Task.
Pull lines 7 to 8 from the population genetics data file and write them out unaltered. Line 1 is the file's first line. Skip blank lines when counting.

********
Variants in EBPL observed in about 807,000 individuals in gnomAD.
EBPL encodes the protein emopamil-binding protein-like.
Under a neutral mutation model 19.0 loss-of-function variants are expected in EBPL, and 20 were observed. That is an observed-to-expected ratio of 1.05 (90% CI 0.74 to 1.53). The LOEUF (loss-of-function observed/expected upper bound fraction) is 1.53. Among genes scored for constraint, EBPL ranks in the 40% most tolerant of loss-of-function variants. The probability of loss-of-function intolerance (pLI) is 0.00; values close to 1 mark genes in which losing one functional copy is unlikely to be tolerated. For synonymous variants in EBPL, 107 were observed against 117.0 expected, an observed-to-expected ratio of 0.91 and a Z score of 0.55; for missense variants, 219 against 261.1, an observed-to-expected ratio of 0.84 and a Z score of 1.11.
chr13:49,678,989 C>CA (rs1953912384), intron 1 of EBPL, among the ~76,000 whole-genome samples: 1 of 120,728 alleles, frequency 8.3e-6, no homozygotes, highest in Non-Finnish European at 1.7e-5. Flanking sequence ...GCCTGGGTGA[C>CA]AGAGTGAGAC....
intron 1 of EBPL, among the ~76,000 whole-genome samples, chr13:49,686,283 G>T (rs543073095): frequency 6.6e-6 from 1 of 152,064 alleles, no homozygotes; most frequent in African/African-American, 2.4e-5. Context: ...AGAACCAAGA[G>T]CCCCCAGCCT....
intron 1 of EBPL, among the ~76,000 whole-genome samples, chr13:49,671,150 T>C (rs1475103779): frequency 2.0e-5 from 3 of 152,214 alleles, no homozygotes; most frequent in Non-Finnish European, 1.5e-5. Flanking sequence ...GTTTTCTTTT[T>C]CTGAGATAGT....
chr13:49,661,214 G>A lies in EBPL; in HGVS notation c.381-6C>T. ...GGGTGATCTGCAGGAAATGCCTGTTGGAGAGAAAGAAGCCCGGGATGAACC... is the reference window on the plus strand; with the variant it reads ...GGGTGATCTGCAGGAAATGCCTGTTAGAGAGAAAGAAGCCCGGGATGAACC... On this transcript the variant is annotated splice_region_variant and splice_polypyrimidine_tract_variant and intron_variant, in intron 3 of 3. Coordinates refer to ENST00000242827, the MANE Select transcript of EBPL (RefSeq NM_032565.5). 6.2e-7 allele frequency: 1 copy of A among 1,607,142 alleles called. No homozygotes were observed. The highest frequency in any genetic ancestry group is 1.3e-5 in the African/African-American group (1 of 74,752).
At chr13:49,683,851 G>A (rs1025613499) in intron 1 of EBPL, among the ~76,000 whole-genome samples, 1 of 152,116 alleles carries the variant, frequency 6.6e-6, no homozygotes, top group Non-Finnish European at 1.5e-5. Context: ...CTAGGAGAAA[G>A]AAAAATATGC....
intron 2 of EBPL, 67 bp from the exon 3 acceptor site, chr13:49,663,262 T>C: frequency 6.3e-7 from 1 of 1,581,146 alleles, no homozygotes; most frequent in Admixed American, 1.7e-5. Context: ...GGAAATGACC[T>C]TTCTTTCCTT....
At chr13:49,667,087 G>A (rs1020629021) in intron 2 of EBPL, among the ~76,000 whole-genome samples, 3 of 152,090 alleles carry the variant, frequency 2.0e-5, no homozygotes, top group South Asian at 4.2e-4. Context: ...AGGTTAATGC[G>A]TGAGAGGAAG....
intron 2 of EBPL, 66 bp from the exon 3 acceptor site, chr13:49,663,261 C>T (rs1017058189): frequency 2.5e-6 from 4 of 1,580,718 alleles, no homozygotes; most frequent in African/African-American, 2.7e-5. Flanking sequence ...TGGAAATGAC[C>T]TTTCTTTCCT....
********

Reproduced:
chr13:49,661,214 G>A lies in EBPL; in HGVS notation c.381-6C>T. ...GGGTGATCTGCAGGAAATGCCTGTTGGAGAGAAAGAAGCCCGGGATGAACC... is the reference window on the plus strand; with the variant it reads ...GGGTGATCTGCAGGAAATGCCTGTTAGAGAGAAAGAAGCCCGGGATGAACC... On this transcript the variant is annotated splice_region_variant and splice_polypyrimidine_tract_variant and intron_variant, in intron 3 of 3. Coordinates refer to ENST00000242827, the MANE Select transcript of EBPL (RefSeq NM_032565.5). 6.2e-7 allele frequency: 1 copy of A among 1,607,142 alleles called. No homozygotes were observed. The highest frequency in any genetic ancestry group is 1.3e-5 in the African/African-American group (1 of 74,752).
At chr13:49,683,851 G>A (rs1025613499) in intron 1 of EBPL, among the ~76,000 whole-genome samples, 1 of 152,116 alleles carries the variant, frequency 6.6e-6, no homozygotes, top group Non-Finnish European at 1.5e-5. Context: ...CTAGGAGAAA[G>A]AAAAATATGC....